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The Student Surpasses the Teacher

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One Title: Your Story

A Fairy Tale, Middle-Earth style

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Middle-Earth Itself


The Student Surpasses the Teacher

Rating: K+

Summary: Aragorn tells his son a bedtime story about one of his experiences as a Ranger.





He remembered when they'd told him, “No.” It had been so long since he'd heard that word. His foster father told him, “No going in the forest”, and “No playing here”, and “No taking things from this drawer.”

Things had changed so much since then. He did whatever he wanted and no one told him otherwise. Even Faramir didn't dare. He'd purse his lips and scowl, but then bow and say, “Yes my king.” At first it was nice, but after a few times Aragorn grew tired of all the bowing and scraping about.

Aragorn missed being told no. He missed the lessons and the lectures, but not the punishments. To him, it meant that people cared. His foster father said no and seemed to shake in fright when he decided to put his hand in the fire to feel what it was like.

His brother said no when he tried to fight and was much to small. They kept him safe, for the most part, and tried to keep him away from dangerous, evil things, like orcs and fire. Not that it helped; he seemed, even as a young boy, to seek out trouble, to go where he shouldn't, to stray from the rules and paths set out for his safety.

Yet Aragorn never made the same mistake twice. He stuck his hand in the pretty flames of the fire. It hurt and he didn't do it again. The next time he stuck a stick in the fire and then dropped it on the floor as the flames danced down towards his wrist. Burning a hole in the floor was not as a bad as burning his hand, but he still got in trouble.

Being a Ranger was the time when he was told, “No”, the most.. And yet it was never actually spoken. The words came in pain, or a breeze or in some long forgotten and suddenly remembered memory from his childhood.

Aragorn flipped open one of his many journals and glanced from page to page. He had a story to remember and it was one of his favourites. He looked over the details, reminding himself to tell it to Eldarion that night.

“Tonight I'm going to tell you a story about me. When I was just a little younger than Faramir.” Aragorn sat back in the rocking chair, cradling the infant boy in his arms.

“It all started in my second year as a Ranger. The second year is the worst. See, in the first year you're nervous and you pay attention and work hard and worry that you're going to do something wrong. Then in the second year, you've had a decent first year and decide that all the work and careful attention to detail is too hard. After all with experience and practice what's the point of working so hard?”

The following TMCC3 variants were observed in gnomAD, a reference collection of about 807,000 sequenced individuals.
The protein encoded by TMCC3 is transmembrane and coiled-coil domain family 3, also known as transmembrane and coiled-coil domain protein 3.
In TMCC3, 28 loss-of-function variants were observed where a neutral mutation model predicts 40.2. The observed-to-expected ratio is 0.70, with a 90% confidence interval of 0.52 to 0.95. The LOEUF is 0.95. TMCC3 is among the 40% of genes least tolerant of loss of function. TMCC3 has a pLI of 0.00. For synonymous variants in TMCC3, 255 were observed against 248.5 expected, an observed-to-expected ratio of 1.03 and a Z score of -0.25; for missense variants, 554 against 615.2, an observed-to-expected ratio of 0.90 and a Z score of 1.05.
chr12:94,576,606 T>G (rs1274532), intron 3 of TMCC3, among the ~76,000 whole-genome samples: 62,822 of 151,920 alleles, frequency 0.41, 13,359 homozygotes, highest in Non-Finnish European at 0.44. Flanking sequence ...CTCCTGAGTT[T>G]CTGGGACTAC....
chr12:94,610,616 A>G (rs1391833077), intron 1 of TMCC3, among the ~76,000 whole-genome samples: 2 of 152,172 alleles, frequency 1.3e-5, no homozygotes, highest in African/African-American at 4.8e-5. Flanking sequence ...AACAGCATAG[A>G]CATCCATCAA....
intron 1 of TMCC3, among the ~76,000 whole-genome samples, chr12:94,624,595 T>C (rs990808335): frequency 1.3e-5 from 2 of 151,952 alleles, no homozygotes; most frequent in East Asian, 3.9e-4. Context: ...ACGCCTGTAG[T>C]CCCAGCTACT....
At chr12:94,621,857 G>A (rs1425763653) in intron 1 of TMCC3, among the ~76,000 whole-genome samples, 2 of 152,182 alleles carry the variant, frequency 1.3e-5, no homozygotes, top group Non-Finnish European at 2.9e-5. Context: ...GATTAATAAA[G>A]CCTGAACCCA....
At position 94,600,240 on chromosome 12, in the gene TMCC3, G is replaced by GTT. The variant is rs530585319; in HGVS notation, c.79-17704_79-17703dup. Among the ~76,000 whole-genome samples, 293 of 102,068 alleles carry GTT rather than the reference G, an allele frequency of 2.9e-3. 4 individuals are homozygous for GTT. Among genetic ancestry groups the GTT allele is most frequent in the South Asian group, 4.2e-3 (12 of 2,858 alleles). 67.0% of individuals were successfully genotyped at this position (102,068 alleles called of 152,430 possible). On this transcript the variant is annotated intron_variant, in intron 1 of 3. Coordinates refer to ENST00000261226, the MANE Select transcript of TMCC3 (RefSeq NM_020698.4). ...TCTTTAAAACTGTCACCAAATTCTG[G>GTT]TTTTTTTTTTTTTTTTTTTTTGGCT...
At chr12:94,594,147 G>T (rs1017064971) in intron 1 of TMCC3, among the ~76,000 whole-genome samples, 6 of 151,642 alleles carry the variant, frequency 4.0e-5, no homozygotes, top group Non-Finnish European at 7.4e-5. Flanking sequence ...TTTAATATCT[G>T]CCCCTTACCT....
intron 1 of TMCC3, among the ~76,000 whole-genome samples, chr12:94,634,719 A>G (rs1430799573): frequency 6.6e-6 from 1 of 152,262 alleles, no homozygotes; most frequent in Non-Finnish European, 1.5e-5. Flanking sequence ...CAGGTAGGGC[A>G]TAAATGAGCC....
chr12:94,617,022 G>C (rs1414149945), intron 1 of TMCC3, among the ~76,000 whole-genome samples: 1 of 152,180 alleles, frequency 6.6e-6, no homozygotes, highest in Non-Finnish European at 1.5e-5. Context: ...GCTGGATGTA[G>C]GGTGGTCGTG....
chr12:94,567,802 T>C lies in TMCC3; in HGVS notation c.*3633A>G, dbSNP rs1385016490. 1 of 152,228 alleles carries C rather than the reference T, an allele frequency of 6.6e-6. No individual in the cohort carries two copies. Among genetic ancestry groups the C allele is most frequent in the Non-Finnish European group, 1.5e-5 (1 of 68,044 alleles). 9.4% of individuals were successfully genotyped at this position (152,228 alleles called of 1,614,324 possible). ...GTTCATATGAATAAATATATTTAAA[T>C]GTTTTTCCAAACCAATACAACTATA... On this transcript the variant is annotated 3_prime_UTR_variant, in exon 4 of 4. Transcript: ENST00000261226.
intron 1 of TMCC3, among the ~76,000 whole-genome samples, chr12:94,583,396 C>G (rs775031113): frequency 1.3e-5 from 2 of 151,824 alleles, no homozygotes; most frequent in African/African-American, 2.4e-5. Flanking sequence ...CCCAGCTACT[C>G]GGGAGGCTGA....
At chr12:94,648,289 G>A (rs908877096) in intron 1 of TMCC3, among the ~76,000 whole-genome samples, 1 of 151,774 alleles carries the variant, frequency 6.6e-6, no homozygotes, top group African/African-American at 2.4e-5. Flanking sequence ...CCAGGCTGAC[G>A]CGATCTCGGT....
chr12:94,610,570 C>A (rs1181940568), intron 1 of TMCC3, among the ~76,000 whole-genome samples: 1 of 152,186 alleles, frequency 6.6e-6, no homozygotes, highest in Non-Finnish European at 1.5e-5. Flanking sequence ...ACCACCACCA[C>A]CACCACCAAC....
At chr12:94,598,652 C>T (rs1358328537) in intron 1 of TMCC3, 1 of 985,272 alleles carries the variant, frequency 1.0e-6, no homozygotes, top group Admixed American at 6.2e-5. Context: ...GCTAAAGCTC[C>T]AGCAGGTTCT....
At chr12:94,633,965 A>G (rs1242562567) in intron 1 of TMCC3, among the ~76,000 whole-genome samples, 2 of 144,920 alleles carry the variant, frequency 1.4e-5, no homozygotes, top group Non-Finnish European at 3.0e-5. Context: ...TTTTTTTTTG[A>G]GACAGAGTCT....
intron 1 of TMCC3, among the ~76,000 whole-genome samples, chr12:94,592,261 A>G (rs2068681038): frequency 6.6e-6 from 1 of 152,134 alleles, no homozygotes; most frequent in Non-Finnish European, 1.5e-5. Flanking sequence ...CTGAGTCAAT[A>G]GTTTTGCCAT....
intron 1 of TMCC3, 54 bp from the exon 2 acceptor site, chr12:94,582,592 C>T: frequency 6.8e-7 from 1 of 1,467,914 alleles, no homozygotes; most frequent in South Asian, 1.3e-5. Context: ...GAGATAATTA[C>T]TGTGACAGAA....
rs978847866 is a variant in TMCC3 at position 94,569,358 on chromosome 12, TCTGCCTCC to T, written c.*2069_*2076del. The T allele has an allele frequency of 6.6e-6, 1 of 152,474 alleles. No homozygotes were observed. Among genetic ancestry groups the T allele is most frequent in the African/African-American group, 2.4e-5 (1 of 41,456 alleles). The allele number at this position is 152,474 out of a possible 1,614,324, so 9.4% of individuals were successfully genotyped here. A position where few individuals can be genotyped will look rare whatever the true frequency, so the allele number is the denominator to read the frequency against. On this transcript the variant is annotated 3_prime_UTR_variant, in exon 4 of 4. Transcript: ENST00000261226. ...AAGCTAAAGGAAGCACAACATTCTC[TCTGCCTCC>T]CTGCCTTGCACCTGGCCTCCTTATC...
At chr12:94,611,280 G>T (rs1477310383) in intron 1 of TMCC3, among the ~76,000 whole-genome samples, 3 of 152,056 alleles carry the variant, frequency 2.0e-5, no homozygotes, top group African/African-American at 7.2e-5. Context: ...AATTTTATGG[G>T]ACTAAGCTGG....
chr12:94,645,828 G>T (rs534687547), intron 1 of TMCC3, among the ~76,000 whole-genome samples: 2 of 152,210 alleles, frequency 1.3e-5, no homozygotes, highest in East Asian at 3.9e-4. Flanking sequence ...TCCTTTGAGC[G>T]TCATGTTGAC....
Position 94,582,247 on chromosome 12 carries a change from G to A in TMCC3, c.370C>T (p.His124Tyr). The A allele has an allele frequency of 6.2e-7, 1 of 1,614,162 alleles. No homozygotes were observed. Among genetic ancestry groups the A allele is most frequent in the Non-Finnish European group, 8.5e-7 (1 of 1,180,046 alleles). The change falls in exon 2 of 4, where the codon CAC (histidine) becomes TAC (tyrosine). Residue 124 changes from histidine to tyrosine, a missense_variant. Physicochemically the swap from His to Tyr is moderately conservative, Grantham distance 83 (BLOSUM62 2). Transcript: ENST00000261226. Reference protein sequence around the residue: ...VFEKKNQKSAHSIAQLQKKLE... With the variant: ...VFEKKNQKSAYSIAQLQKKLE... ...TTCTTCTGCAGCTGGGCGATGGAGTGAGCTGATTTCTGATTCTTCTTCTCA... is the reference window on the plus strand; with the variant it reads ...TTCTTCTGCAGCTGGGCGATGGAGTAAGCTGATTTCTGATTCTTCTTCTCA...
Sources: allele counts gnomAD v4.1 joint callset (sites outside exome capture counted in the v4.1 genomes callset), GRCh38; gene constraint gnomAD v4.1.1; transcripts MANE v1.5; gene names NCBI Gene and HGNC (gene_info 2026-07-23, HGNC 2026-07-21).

Aragorn laughed slightly. “That's exactly what I thought. It wasn't until the third year that I realised how stupid I'd been and how much more attention I should have paid to everything around me.”

He cleared his throat. “This is what happened.”

“It was late one morning in early spring. The birds were singing and the sun was up. But it was still quite cold and there wasn't much food yet. I could catacomb any animals to eat and plants hadn't grown enough to be picked and I had to make do with what I had.”

“The only edible matter left in my bag were strips of dried meat. I really hated the taste of them, I still do. But they can fill you up very quickly and are light to carry so I ended up eating them a lot”

“That year, during the winter, I'd spent a few weeks at my home, Rivendell. My foster father had an amazing library and I'd spent many nights going through it. I loved reading all of the books and learning everything I could about the world.”

“Only then I didn't think I was still learning, I thought I knew everything there was to know about plants, the world, and life. So when I came across a tree of berries, I decided that I was tired of eating the dried meat and that these little red berries would be a good change.”

Eldarion cried out, but Aragorn stroked his head and continued his story in a low, soothing voice. “We were taught not to eat berries other creatures didn't eat in the Rangers. And any tree of berries that hasn't already been devoured by birds and other little animals is most likely poison. But I remembered reading a book that talked about a tree with red berries that animals regarded as poisonous but were actually fine to eat.”

“I thought that it was that tree. After all, I was a seasoned Ranger and the adopted son of Lord Elrond. Why would I not know everything there is to know about plants? I thought it all made perfect sense.”

Aragorn sighed. “I wasn't right. I made a decision too quickly and didn't look things over properly. I was very lucky that I only managed to eat a few of the berries before I realised their taste was one of bitter poison not nutrients. It was almost like a final test, and one that I failed.”

He tapped his son on the nose and got out of the rocking chair, placing him gently into his cradle and covering him lightly with a blanket. “Remember ion nín, you can be better than a man, or an elf, or a dwarf. But never, ever, think that you are better than Middle-Earth itself.”

Aragorn smiled to himself and ran a finger over the baby's cheek. He felt warm and happy inside, just as if the spring thaw outside had begun within his own heart. “Sweet dreams,” he whispered before heading to the door and slipping out.

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